The need to understand the role that anthropogenic chemicals play in g
enerating germline mutations is critical, both from an ecological and
a human health perspective. Exposure to complex mixtures of urban and
industrial chemicals is widespread and we have little understanding of
the long-term implications to populations and gene pools. It has rece
ntly been suggested that minisatellite DNA mutations may be sensitive
biomarkers for induced heritable mutations in populations exposed to r
adioactive and non-radioactive contamination in their environments. Mi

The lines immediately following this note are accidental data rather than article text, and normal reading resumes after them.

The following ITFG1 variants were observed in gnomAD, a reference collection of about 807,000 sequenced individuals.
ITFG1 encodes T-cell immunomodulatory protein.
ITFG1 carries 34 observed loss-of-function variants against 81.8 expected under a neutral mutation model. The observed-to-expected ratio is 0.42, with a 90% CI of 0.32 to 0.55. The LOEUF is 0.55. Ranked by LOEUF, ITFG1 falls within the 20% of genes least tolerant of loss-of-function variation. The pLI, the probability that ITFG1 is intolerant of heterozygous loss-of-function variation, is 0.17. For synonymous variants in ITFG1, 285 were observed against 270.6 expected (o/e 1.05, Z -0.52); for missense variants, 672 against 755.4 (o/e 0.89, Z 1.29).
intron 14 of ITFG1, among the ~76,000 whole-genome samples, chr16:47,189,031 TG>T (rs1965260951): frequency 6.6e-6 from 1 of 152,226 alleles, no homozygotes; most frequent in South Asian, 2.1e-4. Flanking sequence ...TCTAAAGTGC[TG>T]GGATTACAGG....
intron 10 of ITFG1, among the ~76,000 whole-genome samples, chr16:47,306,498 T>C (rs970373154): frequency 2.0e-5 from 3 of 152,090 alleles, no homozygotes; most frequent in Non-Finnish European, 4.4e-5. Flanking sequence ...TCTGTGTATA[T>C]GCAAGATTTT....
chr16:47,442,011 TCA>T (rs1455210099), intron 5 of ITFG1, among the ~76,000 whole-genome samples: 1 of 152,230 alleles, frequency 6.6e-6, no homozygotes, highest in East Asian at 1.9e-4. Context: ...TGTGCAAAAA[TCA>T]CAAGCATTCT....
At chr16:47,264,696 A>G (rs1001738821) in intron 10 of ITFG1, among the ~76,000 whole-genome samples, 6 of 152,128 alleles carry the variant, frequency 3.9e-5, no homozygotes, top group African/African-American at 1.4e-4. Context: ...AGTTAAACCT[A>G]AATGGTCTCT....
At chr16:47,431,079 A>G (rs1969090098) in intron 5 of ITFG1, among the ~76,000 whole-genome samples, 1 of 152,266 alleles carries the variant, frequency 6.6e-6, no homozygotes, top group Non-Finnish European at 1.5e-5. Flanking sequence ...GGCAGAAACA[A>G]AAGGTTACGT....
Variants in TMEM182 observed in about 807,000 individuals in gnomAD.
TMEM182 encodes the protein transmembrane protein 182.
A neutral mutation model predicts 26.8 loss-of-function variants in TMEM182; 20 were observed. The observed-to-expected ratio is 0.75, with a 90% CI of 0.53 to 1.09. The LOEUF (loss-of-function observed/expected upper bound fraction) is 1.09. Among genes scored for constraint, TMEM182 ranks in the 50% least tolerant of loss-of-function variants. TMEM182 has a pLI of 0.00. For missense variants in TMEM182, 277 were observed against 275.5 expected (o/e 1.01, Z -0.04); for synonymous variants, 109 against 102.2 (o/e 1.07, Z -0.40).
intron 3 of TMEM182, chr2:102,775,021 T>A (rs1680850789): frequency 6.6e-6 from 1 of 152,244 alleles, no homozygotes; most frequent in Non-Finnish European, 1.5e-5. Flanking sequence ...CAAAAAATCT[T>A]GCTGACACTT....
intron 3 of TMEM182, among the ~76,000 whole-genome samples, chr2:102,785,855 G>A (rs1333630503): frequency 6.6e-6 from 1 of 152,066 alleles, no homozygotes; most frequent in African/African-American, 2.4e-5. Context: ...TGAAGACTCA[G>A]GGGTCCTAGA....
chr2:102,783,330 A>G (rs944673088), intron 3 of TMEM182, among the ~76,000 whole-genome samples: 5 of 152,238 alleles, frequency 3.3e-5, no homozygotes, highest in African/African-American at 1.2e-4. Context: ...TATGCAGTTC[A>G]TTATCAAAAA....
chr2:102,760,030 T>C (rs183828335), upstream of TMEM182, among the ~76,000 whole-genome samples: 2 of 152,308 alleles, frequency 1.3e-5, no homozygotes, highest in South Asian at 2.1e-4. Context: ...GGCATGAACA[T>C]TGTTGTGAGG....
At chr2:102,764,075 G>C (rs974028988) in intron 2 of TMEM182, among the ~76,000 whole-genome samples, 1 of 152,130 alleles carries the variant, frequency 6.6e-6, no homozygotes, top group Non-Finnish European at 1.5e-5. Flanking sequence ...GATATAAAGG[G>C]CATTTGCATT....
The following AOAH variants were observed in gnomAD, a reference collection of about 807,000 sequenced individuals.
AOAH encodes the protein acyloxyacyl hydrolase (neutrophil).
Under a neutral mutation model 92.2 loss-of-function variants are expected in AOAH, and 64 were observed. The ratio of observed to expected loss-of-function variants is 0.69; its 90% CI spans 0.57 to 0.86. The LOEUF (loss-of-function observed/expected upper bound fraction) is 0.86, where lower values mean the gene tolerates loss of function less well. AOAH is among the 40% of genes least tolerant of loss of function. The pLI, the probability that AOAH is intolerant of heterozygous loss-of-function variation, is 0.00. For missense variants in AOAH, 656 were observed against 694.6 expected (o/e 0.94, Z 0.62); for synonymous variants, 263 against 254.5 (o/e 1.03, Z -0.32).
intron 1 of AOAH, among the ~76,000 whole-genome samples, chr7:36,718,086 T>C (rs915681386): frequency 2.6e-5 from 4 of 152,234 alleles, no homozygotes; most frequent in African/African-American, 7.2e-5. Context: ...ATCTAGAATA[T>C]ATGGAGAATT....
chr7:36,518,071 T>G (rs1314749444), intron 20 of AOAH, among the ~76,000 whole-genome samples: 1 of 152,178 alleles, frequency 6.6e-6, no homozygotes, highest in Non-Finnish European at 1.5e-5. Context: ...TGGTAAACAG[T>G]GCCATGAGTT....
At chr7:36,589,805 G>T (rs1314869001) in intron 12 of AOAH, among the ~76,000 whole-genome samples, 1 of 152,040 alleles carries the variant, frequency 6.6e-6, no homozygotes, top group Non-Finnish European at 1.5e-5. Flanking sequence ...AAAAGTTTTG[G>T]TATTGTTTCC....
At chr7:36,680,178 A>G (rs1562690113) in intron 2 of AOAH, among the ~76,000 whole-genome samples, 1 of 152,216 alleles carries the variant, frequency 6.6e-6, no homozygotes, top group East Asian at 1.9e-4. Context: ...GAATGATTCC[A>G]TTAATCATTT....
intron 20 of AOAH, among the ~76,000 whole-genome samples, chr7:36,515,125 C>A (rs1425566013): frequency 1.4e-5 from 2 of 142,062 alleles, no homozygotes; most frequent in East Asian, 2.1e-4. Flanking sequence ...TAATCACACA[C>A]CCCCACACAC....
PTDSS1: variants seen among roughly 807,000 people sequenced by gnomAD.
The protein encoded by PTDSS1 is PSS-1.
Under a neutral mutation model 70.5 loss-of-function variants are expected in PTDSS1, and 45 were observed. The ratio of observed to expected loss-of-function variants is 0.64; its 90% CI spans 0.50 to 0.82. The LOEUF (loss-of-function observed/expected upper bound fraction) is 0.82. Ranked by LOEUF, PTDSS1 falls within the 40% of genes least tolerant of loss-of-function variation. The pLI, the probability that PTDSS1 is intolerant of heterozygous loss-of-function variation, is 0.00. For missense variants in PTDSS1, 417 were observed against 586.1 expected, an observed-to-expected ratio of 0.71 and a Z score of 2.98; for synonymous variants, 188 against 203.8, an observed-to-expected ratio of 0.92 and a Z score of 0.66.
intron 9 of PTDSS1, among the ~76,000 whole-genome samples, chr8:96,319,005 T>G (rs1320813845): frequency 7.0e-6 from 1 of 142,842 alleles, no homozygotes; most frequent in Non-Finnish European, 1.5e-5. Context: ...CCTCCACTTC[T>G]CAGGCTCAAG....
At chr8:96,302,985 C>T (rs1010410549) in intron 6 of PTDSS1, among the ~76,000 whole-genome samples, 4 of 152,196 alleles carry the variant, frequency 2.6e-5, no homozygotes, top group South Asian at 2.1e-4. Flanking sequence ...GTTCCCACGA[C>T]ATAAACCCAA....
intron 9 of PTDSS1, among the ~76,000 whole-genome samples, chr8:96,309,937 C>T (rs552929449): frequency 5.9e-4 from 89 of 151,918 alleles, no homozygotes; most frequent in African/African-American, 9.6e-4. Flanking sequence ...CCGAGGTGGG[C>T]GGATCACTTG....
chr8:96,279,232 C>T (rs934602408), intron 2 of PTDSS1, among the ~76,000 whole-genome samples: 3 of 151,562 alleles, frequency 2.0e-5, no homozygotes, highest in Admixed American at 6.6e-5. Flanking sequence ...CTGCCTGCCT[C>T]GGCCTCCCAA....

nisatellite loci are attractive targets for mutational analyses becaus
e they undergo a rate of mutation much greater than unique sequence DN
A and with DNA fingerprinting many loci can be scanned simultaneously.
As a result, the technique is statistically powerful requiring relati
vely small sample sizes (compared to other in situ mutation assays) an
d is reasonably cost and time efficient. This paper will review the ap
plication of minisatellite mutation screening to the field of genetic
toxicology. (C) 1998 Elsevier Science B.V. All rights reserved.